This summer, U.S. veterinarians will begin prescribing a brand new spot-on flea and tick preventive from Novartis Animal Health.
The product for dogs is called Parastar and the cat product is EasySpot. The active ingredient in these products is fipronil, an adult flea insecticide.
Per Veterinary Practice News:
“The Novartis family of parasiticides is defined by best-in-class medicine, so Parastar and EasySpot fit perfectly,” says Jason Drake, DVM, director of professional services at Novartis.
“Together with the heartworm preventive medicine that veterinarians choose most for their own dogs and the only systemic flea product with an insect growth regulator, the proven power of fipronil found in Parastar and EasySpot is a natural addition to the family.”
Veterinary Practice News June 9, 2011
Below is a Vets comment on the above
These two products, Parastar and EasySpot, are the first spot-on products introduced by Novartis in the U.S. The company does make a spot-on product called Prac-tic, with the active ingredient pyriprole, but it isn’t sold in this country.
Other flea and tick products by Novartis include:
Capstar (nitenpyram) tablets for dogs and cats. This is a flea treatment, not a preventive. Kills adult fleas.
Program (lufenuron) tablets for dogs and tablets, suspension and 6-month injectable for cats. This is a flea preventive; the tablets and suspension are intended to be given monthly. Kills fleas before they reach the adult stage.
Sentinel (milbemycin oxime/lufenuron) tablets for dogs is a combination product for the prevention of fleas, heartworms, roundworms, hookworms and whipworms. Recommended dosage is monthly.
Apparently Novartis was leaving money on the table and felt the need to add a spot-on flea/tick preventive to their U.S. product portfolio.
Fipronil, the Active Ingredient in the New Novartis Spot-on Products
Fipronil is a relatively new broad spectrum insecticide that acts by disrupting the central nervous system of insects.
Fipronil is used in a wide variety of applications beyond flea products, including cockroach and ant baits, termite control, agricultural products, and products used on turf and golf courses.
According to Pesticide.org:
“Fipronil has a different mode of action than many common insecticides. It is ‘an extremely active molecule.’ In insects, it disrupts the nerves in the brain and spinal cord by interfering with the ability of these nerve cells to transmit nerve impulses. The result is uncontrolled activity leading to death of the insect.
Fipronil also disrupts nerves in animals other than insects, including humans, but it does not bind as tightly to these nerve cells as it does to insect nerve cells.”
Symptoms of fipronil toxicity in pets include:
Loss of coordination
Symptoms of exposure in humans can include eye irritation, headache, dizziness, nausea and weakness.
In laboratory animals, fipronil caused kidney damage, significant alterations in thyroid function, and aggressive behavior. The product Frontline, which contains fipronil, also altered the levels of sex hormones in those animals. The offspring of pregnant lab animals exposed to the insecticide were smaller than normal and took longer to sexually mature.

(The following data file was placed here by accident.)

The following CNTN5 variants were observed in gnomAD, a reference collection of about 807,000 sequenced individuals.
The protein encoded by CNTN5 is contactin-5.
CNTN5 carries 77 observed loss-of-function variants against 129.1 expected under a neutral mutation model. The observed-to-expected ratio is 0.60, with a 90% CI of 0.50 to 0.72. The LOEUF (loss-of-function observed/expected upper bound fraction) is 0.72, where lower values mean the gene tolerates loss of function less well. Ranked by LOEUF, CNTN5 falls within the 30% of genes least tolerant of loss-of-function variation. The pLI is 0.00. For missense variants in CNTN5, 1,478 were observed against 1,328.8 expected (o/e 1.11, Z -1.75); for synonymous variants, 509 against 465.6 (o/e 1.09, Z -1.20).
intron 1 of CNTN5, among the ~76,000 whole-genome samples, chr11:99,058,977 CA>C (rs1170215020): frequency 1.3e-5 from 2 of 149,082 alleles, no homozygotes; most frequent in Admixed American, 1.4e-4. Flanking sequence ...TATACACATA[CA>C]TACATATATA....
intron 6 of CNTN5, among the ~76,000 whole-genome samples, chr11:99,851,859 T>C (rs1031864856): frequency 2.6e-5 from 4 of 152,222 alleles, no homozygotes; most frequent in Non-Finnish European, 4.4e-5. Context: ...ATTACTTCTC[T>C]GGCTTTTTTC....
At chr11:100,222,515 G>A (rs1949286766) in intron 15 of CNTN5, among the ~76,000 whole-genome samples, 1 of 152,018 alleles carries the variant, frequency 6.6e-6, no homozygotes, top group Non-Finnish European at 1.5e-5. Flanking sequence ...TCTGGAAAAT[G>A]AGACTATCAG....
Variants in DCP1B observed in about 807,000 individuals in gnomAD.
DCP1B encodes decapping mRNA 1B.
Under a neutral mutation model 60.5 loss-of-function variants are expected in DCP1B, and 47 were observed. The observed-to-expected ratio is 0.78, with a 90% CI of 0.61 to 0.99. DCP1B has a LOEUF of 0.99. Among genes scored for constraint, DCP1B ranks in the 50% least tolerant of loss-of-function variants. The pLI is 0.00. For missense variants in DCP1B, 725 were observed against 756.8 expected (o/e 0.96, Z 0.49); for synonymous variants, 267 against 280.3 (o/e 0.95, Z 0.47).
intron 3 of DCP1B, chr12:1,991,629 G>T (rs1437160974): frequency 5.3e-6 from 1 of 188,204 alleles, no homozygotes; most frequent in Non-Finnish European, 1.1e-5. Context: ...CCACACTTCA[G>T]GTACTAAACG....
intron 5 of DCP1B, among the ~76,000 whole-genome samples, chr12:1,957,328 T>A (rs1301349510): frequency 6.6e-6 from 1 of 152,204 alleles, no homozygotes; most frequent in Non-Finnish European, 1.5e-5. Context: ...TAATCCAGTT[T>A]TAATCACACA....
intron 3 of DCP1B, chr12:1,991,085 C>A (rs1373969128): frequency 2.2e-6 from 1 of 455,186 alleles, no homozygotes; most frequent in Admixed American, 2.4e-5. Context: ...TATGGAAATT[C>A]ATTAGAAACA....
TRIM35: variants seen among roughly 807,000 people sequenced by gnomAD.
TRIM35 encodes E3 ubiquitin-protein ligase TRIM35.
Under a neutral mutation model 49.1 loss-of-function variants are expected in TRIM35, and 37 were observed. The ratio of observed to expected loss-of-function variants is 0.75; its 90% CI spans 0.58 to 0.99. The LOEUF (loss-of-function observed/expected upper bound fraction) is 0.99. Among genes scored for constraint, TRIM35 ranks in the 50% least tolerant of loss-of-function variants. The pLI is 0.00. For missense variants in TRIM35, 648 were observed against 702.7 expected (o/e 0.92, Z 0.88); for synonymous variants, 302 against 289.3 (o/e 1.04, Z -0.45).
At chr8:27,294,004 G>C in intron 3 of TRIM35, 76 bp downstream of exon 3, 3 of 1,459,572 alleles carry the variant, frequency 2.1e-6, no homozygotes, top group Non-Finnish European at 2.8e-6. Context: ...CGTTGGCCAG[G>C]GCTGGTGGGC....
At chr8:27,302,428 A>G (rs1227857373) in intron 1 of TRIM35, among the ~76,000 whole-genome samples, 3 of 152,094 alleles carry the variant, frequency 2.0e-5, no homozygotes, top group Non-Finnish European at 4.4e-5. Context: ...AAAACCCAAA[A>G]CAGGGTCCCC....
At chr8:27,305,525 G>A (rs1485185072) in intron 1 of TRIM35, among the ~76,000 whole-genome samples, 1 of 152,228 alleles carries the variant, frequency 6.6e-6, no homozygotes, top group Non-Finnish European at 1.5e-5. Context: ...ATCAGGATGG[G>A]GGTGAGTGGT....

The U.S. EPA has classified fipronil as a possible human (Class C) carcinogen due to the development of both benign and malignant thyroid tumors in laboratory animals exposed to it.
Minute concentrations of fipronil can prove toxic to several animals including birds, lizards and fish.
Fipronil lasts for a minimum of 56 days on pets, and people can be exposed by petting an animal that has been treated with a spot-on product containing the insecticide.
When exposed to light, fipronil can break down into a molecule called fipronil-desulfinyl. Per the EPA, this breakdown product is approximately 10 times more toxic than the fipronil itself. It is also more easily absorbed through skin than fipronil.
EPA Warning about Spot-on Flea/Tick Products Remains in Effect
Two years ago, the EPA issued an advisory about ‘spot-on’ products applied to the neck or back of pets to prevent fleas and ticks. The advisory was the result of a dramatic increase in adverse reactions to these products – reactions ranging from mild skin irritation to seizures and even death.
Among the problems the EPA found with spot-on flea and tick products:
The majority of adverse reactions were in dogs under three years old and between 10 and 20 pounds. High risk breeds included the Chihuahua, Shih Tzu, Miniature Poodle, Pomeranian, Dachshund, Maltese, Yorkshire Terrier and Bichon Frise.
Adverse reactions in cats were often the result of the kitty being treated with a product designed for dogs or through exposure to a treated dog.
Cats treated with dog products had a very high rate of serious reactions, including fatalities.
Dosage ranges on many products were considered too wide, and product labeling in general was identified as a problem.
In my opinion, the risks of these products are simply too great to warrant their routine (monthly) use. I encourage my dog and cat owner clients to avoid regular application of these pesticides in favor of safer alternatives.